Since the final game of a 98-loss season, the front office has handed Bochy an everyday third baseman in Evan Longoria, a star in right field in Andrew McCutchen, and a versatile outfield option in Austin Jackson. With every new addition, Bochy has tinkered with the lineup bouncing around his head. He isn’t ready to reveal anything publicly, but he said the new-look staff is already discussing lineup options. 

“It’s going to be probably toward the end of spring training until we have this lineup down,” Bochy said. “It’s a different lineup, as you know. I’ll see or we will see what makes the most sense.”

In McCutchen and Longoria, the Giants added two guys used to hitting right in the heart of the order. After the Longoria deal, Bochy did say he would like to hit Longoria in front of Buster Posey and Brandon Belt. Since then, McCutchen has given him another option, and a lot more could still change. 

Brian Sabean and Bobby Evans would like to add one more center fielder, and it’s possible that player can lead off. Steven Duggar could win the job in camp, and with his speed and strong eye at the plate, he would be an ideal leadoff option. That is, however, a lot of pressure for a rookie, and Bochy mentioned McCutchen and Jackson as options atop the lineup. Both hit there quite a bit earlier in their careers, but McCutchen hasn’t been a leadoff hitter since 2011 and Jackson has just 56 starts there the last three years. Joe Panik and Hunter Pence also have experience leading off for Bochy, and it’s possible the top of the lineup could change depending on the opposing pitcher.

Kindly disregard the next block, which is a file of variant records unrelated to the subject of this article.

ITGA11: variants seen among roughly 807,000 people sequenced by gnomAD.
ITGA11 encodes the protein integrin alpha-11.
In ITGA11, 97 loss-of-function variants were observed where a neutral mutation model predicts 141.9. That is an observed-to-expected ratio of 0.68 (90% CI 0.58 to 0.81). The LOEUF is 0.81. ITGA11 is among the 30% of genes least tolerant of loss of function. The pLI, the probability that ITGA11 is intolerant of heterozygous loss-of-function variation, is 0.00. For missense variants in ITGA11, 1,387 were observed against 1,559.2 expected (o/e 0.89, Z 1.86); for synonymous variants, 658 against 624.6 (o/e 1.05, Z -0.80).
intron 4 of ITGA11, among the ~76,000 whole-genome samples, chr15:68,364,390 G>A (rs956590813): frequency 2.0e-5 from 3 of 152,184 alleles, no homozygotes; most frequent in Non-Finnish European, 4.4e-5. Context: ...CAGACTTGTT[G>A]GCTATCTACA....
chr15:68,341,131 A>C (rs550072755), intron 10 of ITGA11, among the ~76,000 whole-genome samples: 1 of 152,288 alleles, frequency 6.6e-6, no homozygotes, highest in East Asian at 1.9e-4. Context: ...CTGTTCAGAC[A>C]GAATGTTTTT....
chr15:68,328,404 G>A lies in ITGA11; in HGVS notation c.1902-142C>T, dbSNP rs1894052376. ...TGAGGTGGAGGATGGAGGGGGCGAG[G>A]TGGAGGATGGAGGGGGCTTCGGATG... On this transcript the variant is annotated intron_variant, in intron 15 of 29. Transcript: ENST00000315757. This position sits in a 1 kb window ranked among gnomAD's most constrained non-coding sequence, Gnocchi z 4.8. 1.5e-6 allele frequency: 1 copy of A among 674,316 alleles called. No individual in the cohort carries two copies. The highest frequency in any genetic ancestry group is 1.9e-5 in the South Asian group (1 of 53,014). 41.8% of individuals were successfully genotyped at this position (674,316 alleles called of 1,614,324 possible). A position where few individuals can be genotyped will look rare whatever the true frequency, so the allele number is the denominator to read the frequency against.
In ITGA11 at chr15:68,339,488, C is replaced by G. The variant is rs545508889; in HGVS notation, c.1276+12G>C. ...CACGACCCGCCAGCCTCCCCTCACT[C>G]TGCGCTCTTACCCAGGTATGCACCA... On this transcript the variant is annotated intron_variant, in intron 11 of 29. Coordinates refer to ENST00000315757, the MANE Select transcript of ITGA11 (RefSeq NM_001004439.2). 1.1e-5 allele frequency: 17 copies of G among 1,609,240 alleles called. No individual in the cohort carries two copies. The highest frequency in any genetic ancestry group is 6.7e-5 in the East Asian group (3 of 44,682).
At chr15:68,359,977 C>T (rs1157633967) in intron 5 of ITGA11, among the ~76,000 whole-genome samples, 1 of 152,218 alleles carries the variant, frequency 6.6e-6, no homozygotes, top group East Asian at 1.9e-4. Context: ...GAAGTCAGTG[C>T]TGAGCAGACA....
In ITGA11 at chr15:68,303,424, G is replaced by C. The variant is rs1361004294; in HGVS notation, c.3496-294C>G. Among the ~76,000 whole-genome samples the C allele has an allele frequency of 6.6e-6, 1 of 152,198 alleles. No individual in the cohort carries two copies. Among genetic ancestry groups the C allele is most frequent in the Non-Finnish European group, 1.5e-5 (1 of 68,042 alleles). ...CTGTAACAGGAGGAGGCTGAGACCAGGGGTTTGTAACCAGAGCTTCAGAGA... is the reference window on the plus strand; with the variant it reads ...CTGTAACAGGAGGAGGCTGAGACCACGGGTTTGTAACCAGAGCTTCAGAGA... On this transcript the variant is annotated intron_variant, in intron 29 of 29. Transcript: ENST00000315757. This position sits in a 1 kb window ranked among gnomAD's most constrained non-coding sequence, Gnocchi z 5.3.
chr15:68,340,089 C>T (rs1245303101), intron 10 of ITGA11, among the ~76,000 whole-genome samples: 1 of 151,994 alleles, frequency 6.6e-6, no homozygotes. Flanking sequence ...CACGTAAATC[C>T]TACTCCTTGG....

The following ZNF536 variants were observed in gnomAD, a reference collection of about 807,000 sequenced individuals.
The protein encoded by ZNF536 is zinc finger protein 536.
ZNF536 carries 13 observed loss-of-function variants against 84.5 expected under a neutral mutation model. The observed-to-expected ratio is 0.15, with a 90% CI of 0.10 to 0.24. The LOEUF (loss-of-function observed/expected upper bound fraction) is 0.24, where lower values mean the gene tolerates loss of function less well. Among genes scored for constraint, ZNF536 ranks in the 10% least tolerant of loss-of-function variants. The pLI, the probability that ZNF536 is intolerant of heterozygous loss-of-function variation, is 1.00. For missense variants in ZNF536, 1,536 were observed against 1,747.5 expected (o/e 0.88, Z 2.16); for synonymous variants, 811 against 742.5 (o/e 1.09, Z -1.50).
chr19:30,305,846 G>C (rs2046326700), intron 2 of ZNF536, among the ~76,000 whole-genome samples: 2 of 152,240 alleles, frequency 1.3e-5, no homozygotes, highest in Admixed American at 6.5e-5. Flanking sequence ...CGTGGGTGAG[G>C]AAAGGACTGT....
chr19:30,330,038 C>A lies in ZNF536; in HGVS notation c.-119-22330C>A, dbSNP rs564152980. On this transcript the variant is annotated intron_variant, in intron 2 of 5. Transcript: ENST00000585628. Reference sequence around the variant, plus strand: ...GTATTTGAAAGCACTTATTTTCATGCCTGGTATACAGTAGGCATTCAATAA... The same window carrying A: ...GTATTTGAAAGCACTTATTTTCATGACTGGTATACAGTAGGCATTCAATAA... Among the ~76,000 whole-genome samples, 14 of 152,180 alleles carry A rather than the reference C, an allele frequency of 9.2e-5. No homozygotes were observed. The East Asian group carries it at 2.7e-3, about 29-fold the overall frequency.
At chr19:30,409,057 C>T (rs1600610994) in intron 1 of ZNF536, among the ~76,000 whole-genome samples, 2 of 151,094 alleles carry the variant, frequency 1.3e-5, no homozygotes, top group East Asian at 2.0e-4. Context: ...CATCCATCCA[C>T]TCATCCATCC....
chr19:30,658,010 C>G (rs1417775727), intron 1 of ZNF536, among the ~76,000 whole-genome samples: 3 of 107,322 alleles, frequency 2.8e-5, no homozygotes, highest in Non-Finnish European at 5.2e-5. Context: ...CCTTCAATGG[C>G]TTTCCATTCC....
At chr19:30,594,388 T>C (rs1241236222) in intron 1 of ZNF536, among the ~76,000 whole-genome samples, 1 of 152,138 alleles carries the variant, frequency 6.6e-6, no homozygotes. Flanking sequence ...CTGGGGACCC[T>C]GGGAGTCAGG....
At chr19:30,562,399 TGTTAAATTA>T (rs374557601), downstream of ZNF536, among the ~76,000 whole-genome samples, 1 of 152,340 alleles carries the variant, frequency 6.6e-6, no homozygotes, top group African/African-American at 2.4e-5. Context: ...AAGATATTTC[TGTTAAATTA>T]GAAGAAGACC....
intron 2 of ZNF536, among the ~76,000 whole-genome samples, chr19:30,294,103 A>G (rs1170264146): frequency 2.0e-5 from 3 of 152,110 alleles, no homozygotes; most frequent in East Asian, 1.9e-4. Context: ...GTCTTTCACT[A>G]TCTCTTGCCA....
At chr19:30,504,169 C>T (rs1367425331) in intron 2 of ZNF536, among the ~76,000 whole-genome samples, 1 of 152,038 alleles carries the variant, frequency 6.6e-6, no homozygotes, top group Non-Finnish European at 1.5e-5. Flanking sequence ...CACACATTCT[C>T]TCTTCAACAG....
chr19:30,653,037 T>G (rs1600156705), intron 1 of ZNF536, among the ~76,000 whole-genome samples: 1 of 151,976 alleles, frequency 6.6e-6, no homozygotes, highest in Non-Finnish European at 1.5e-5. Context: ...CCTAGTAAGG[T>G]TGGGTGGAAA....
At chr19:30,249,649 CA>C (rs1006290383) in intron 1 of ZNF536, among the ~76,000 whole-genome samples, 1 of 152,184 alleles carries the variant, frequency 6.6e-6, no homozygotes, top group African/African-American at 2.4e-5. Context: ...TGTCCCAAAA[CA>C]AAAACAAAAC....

“I’ve always liked to have the versatility or flexibility to mix it a little bit,” Bochy said. “Maybe it’s a matchup thing or lefty-righty.”

It will be a lefty, Clayton Kershaw, staring in at the Giants on opening day. So for now, here’s a guess at the group Bochy will send out there at Dodger Stadium … 

1. Andrew McCutchen RF
2. Joe Panik 2B
3. Evan Longoria 3B
4. Buster Posey C
5. Brandon Belt 1B
6. Hunter Pence LF
7. Brandon Crawford SS
8. Austin Jackson CF
9. Madison Bumgarner LHP

Jackson not necessarily Giants' everyday center fielder

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USATSI

Jackson not necessarily Giants' everyday center fielder

SAN FRANCISCO — The Giants had a glaring hole in center field after the acquisition of Andrew McCutchen and his subsequent move to right field, so it stood out when a press release to announce the signing of Austin Jackson included the words “depth at all three outfield positions.”